The Hough transform is used to identify Kikuchi bands from the diffraction pattern. It is an image processing algorithm to facilitate the detection of lines inside an image. The transformation converts a line (1 pixel thick) in the image space into a point in the Hough space.

The Hough transform operation takes two parameters, the two resolutions of the Hough transform ( and ).

The image space is the one of the diffraction pattern where the origin is taken at the center of the image. It is a discrete space made up of a certain amount of pixels in the x and y directions. The intensity of those pixels can be seen as the third dimension. Similarly, the Hough space has three dimensions. The x and y axes of the image space are replaced by the and axes while the third dimension now represents the intensity of the Hough space. By definition, the Hough space is continuous since within their boundaries and can take any value. The Hough space is quantized to allow for computerized treatment. As for the image space, the discrete Hough space has a certain amount of pixels in the and direction, namely and .

The transformation is performed by calculating using the following
equation for each pixel in the image space and for each
in the Hough space, where the subscript *i* refers to the index
of the pixels in the image space and *j* to the index of the pixels in the Hough
space [1].

Effectively, this transformation converts each pixel of the image space into a sinusoidal curve in the Hough space. The calculated value is rounded to the closest pixel . The intensity of the pixels that are part of the sinusoidal curve are augmented by the intensity of the corresponding pixel in the image space. The accumulation of these intensities give rise to peaks in the Hough space which corresponds to the and coordinates of the bands in the image space.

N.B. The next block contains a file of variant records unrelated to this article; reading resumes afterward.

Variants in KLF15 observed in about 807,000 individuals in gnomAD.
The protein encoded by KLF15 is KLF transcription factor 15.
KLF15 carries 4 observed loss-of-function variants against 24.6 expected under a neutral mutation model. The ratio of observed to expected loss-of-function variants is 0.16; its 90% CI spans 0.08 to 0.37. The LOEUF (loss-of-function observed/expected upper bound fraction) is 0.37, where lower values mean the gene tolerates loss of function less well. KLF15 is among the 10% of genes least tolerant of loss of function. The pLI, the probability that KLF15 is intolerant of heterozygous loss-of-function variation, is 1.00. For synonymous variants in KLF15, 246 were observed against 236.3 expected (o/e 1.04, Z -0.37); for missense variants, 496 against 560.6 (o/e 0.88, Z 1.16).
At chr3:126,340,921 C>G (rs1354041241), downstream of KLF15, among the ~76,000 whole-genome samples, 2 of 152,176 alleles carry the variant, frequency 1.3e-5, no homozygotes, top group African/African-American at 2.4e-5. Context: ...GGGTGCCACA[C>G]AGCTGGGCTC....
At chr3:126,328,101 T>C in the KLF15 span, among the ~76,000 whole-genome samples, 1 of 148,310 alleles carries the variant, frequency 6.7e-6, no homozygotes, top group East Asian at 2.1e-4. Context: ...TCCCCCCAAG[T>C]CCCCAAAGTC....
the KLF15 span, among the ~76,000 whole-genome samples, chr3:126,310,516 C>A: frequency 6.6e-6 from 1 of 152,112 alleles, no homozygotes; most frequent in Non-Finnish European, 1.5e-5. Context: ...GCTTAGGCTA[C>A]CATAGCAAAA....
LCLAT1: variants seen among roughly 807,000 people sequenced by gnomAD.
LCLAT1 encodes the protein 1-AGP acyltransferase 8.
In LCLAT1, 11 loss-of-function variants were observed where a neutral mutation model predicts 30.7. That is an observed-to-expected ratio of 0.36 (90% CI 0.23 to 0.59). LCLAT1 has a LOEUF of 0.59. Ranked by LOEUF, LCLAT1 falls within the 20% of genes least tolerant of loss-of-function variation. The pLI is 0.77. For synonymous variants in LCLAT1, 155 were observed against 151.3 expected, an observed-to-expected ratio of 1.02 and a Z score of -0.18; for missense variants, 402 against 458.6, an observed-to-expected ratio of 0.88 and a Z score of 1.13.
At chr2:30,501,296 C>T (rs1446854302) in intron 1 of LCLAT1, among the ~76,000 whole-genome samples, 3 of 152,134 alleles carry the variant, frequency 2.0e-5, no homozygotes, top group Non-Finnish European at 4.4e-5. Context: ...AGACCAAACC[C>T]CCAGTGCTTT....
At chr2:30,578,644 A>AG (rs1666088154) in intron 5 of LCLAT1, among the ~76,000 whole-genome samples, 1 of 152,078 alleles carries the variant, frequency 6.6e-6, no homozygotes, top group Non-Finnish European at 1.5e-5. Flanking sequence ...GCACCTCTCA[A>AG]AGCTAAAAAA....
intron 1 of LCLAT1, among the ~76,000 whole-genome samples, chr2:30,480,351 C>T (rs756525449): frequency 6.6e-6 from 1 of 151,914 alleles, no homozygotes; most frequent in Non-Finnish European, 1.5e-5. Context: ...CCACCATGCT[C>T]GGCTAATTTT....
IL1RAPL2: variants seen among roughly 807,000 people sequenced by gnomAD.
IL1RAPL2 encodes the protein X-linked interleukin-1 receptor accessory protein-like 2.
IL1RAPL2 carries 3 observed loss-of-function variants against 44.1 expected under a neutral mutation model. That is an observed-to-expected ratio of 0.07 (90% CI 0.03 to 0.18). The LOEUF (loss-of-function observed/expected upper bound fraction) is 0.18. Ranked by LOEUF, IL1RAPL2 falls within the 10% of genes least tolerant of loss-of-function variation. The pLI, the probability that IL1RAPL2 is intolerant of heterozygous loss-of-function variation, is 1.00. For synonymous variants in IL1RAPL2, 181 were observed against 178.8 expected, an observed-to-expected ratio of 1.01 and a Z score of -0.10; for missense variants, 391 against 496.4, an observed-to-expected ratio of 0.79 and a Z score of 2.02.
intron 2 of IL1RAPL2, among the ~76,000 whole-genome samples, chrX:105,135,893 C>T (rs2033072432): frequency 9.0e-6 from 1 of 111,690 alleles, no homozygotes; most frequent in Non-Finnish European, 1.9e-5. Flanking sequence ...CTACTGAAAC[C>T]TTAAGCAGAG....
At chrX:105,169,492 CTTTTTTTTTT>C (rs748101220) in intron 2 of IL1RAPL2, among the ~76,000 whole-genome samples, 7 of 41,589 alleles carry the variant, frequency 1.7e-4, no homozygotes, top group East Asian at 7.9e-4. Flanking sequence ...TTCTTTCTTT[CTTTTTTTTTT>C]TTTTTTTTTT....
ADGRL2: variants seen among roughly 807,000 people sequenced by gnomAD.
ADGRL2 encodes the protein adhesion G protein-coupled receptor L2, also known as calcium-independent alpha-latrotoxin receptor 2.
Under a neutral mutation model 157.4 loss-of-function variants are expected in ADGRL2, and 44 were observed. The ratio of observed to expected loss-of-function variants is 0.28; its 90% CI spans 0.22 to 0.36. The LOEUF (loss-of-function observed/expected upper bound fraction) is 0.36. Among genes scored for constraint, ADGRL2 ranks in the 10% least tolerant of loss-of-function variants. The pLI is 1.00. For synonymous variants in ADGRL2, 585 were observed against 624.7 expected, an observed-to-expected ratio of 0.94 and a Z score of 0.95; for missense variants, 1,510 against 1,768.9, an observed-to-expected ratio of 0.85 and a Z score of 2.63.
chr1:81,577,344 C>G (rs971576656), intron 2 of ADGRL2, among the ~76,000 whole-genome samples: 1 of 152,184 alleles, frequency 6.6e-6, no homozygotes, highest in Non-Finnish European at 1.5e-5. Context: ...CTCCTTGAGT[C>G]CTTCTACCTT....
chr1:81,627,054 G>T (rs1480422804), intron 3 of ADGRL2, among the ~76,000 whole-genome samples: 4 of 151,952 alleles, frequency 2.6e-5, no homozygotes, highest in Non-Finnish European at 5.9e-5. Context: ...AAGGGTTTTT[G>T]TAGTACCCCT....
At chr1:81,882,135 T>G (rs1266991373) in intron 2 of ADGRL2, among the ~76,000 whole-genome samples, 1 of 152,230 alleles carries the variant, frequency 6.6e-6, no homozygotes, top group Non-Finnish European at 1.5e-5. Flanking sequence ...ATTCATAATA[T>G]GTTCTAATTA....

The understanding of these results is not straightforward. An obvious question is why sinusoidal curves of individual, uncorrelated pixels in a band intersect in the Hough space at a specific and unique position? To answer this question, we shall refer to the following figure where the image and Hough space are respectively shown on the left and right of the figure.

From the definition of the Hough transform, each pixel in the image space is transformed into a sinusoidal curve in the Hough space. The curve represents all the possible unidimensional lines that can be passing through that pixel in the image space. A few lines are drawn in the figure above with their corresponding position in Hough space represented by circle markers. Only a small fraction of the lines are fully contained in the band, the rest of the lines cross it, but most of their pixels are outside the band.

If this geometrical construction is repeated for another pixel, *B*, of
the band *L*, the same result is obtained.
In the following figure, the lines passing by *B* and their equivalent
representation in Hough space using triangular marker.
All the lines or curves related to pixel *B* are drawn as dashed lines.